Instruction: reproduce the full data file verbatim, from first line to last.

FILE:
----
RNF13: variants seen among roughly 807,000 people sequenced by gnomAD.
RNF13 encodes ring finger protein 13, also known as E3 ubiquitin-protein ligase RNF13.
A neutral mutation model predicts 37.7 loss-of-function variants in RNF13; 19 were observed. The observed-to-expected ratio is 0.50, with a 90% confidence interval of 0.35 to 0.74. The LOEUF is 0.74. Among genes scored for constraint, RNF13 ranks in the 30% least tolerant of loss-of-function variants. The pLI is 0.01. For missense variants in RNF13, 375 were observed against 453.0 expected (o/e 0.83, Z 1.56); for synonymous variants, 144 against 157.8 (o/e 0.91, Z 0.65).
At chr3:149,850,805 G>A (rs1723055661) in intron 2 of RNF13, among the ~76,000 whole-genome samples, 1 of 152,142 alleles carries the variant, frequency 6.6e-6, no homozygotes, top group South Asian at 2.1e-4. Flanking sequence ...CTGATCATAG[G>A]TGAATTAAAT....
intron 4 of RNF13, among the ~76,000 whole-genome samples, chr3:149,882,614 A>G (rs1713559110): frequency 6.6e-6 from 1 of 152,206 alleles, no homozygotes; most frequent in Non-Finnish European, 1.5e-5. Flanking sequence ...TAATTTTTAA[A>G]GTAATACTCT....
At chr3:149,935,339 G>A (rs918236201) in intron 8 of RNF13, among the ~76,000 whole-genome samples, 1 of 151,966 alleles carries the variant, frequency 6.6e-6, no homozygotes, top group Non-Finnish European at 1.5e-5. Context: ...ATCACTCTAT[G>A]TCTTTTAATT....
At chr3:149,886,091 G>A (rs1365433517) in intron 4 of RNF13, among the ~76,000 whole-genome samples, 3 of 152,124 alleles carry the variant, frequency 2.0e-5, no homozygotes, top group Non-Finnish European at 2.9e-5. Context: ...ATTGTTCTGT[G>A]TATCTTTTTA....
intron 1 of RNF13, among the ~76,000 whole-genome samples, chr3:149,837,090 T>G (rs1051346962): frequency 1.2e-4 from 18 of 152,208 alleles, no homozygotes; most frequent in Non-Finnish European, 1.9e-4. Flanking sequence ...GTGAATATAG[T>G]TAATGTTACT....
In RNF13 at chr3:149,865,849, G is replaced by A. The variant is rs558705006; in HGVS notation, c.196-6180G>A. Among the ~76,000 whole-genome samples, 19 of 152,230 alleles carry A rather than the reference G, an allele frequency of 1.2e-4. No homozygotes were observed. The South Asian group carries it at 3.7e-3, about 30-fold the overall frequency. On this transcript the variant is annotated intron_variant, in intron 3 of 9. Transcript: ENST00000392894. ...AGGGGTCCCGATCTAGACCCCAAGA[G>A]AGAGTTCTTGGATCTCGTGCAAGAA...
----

RNF13: variants seen among roughly 807,000 people sequenced by gnomAD.
RNF13 encodes ring finger protein 13, also known as E3 ubiquitin-protein ligase RNF13.
A neutral mutation model predicts 37.7 loss-of-function variants in RNF13; 19 were observed. The observed-to-expected ratio is 0.50, with a 90% confidence interval of 0.35 to 0.74. The LOEUF is 0.74. Among genes scored for constraint, RNF13 ranks in the 30% least tolerant of loss-of-function variants. The pLI is 0.01. For missense variants in RNF13, 375 were observed against 453.0 expected (o/e 0.83, Z 1.56); for synonymous variants, 144 against 157.8 (o/e 0.91, Z 0.65).
At chr3:149,850,805 G>A (rs1723055661) in intron 2 of RNF13, among the ~76,000 whole-genome samples, 1 of 152,142 alleles carries the variant, frequency 6.6e-6, no homozygotes, top group South Asian at 2.1e-4. Flanking sequence ...CTGATCATAG[G>A]TGAATTAAAT....
intron 4 of RNF13, among the ~76,000 whole-genome samples, chr3:149,882,614 A>G (rs1713559110): frequency 6.6e-6 from 1 of 152,206 alleles, no homozygotes; most frequent in Non-Finnish European, 1.5e-5. Flanking sequence ...TAATTTTTAA[A>G]GTAATACTCT....
At chr3:149,935,339 G>A (rs918236201) in intron 8 of RNF13, among the ~76,000 whole-genome samples, 1 of 151,966 alleles carries the variant, frequency 6.6e-6, no homozygotes, top group Non-Finnish European at 1.5e-5. Context: ...ATCACTCTAT[G>A]TCTTTTAATT....
At chr3:149,886,091 G>A (rs1365433517) in intron 4 of RNF13, among the ~76,000 whole-genome samples, 3 of 152,124 alleles carry the variant, frequency 2.0e-5, no homozygotes, top group Non-Finnish European at 2.9e-5. Context: ...ATTGTTCTGT[G>A]TATCTTTTTA....
intron 1 of RNF13, among the ~76,000 whole-genome samples, chr3:149,837,090 T>G (rs1051346962): frequency 1.2e-4 from 18 of 152,208 alleles, no homozygotes; most frequent in Non-Finnish European, 1.9e-4. Flanking sequence ...GTGAATATAG[T>G]TAATGTTACT....
In RNF13 at chr3:149,865,849, G is replaced by A. The variant is rs558705006; in HGVS notation, c.196-6180G>A. Among the ~76,000 whole-genome samples, 19 of 152,230 alleles carry A rather than the reference G, an allele frequency of 1.2e-4. No homozygotes were observed. The South Asian group carries it at 3.7e-3, about 30-fold the overall frequency. On this transcript the variant is annotated intron_variant, in intron 3 of 9. Transcript: ENST00000392894. ...AGGGGTCCCGATCTAGACCCCAAGA[G>A]AGAGTTCTTGGATCTCGTGCAAGAA...